Electrical and Computer Engineering
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Dissertation Defense

Data-Driven Methods to Build Robust Legged Robots

George Council
3725 Beyster Building

For robots to ever achieve serious autonomy, they need to be able to mitigate an uncertain environment and variation of their own morphology.

Legged robots, with their complex dynamics, present particular challenges in producing robust locomotion – hybrid events, uncertainty, and high dimension are all confounding factors for direct analysis of models.

On the other hand, direct data-driven methods have proven to be equally challenging – the  high dimension and mechanical complexity of legged robots have proven challenging for hardware-in-the-loop strategies to exploit without significant effort by human operators.

We advocate that we can exploit both perspectives by exploiting qualitative features of class of mathematical models applicable to legged robots, and use that knowledge to strongly inform data-driven methods.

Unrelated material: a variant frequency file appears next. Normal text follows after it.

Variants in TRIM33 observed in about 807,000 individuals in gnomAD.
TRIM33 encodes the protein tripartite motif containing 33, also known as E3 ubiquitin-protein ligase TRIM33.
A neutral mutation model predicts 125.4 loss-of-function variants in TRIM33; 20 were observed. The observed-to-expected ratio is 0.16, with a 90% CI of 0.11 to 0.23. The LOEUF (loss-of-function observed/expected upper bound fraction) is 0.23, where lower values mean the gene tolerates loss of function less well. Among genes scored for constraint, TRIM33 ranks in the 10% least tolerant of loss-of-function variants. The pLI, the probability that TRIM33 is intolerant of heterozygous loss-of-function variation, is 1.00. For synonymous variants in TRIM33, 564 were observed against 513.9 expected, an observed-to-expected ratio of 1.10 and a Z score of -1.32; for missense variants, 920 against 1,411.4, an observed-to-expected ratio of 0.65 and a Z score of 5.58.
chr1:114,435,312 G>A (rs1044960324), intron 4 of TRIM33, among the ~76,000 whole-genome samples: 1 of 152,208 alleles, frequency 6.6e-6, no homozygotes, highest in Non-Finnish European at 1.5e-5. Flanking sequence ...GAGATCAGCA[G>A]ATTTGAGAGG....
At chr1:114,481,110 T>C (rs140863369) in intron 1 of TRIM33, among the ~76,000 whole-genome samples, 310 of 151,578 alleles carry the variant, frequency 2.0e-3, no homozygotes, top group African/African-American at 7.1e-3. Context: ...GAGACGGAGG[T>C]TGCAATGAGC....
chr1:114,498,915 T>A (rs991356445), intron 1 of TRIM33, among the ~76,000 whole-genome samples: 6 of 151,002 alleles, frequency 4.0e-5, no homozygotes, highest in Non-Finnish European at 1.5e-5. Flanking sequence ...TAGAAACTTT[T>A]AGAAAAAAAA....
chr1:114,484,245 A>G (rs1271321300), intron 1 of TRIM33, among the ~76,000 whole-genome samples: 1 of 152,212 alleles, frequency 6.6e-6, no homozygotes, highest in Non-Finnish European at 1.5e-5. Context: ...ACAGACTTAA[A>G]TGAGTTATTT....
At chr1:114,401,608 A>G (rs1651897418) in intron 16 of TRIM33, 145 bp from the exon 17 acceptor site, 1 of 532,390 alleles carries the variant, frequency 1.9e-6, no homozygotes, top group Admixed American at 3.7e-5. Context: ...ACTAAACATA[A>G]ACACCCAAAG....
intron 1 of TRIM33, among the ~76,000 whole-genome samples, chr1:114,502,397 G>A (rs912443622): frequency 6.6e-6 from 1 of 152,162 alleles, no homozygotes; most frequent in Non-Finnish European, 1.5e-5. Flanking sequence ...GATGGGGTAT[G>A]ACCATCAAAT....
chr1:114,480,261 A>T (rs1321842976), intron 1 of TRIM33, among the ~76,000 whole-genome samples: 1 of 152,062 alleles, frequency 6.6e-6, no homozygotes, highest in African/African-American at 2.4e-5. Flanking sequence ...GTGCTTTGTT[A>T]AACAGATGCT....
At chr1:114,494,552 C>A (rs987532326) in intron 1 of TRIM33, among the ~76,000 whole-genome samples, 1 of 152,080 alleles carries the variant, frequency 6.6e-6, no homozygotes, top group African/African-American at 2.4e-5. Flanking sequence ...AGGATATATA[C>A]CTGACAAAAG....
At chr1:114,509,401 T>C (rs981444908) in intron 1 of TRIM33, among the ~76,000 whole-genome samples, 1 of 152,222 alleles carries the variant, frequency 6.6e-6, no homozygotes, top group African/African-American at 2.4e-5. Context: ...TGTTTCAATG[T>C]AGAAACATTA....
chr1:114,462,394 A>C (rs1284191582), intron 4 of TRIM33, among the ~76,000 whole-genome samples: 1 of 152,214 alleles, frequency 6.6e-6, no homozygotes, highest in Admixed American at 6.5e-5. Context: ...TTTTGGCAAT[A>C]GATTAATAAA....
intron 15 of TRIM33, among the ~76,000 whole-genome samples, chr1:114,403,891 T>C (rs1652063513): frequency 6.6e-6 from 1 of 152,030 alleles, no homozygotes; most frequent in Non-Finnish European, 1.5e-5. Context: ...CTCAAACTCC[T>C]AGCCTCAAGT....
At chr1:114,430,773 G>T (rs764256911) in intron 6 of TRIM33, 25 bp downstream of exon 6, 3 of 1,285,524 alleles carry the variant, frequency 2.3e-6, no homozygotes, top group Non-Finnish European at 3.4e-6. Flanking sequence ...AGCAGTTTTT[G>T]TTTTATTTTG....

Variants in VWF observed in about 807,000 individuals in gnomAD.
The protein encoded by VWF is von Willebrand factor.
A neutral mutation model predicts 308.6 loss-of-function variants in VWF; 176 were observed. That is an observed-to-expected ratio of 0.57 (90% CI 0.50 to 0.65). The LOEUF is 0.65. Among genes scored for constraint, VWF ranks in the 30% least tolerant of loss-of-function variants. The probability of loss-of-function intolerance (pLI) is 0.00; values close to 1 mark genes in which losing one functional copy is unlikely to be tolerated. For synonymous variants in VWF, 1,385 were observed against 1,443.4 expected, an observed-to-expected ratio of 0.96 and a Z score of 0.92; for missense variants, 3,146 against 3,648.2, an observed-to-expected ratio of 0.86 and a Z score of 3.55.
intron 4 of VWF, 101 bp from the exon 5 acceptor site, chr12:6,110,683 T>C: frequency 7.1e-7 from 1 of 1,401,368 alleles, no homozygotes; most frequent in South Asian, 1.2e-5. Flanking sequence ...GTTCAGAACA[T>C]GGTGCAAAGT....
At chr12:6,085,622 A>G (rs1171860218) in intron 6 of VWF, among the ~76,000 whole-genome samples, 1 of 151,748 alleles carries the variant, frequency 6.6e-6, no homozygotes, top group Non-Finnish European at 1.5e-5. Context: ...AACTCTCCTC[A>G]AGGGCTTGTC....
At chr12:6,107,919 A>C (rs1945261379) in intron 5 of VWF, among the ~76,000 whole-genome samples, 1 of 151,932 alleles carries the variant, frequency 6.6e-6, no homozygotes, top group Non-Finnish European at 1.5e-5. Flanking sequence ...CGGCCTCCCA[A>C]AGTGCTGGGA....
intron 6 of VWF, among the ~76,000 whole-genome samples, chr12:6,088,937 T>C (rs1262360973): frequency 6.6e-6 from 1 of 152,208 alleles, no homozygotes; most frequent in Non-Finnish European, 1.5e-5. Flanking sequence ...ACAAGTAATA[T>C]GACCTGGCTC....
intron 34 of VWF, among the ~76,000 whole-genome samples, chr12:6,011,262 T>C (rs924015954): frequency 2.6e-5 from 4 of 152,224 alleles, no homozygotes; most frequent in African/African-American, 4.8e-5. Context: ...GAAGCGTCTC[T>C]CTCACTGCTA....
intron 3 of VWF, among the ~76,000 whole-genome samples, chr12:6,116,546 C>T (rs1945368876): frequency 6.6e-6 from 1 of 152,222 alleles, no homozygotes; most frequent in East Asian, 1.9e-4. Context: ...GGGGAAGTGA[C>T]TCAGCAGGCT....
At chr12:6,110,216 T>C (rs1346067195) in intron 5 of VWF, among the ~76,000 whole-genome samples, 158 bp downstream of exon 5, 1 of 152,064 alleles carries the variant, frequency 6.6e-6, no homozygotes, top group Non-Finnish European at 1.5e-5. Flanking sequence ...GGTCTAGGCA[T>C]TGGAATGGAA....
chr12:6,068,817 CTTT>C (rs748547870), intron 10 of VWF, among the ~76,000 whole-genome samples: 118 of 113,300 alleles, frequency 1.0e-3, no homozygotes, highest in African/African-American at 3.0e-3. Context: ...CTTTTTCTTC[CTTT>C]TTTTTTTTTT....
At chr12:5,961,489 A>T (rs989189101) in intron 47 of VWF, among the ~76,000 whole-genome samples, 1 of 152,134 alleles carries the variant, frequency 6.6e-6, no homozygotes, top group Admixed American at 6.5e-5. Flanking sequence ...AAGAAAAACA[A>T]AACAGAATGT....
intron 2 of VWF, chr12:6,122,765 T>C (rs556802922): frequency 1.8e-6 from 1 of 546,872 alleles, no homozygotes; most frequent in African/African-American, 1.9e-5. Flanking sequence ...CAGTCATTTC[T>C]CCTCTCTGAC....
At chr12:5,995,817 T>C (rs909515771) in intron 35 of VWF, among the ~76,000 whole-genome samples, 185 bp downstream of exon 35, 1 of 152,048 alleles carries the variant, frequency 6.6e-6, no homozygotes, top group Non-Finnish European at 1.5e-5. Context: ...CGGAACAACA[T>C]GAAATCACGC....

We show that the existence of these simple structures can greatly facilitate robust design of legged robots from a data-driven perspective.

We begin by demonstrating that the factorial complexity of hybrid models can be elegantly resolved with computationally tractable algorithms, and establish that a novel form of distributed control is predicted.

We then continue by demonstrating that a  relaxed version of the famous templates and anchors hypothesis can be used to encode performance objectives in a highly redundant way, allowing robots that have suffered damage to autonomously compensate.

We conclude with a deadbeat stabilization result that is quite general, and can be determined with zero dynamic information.

Chair: Professor Shai Revzen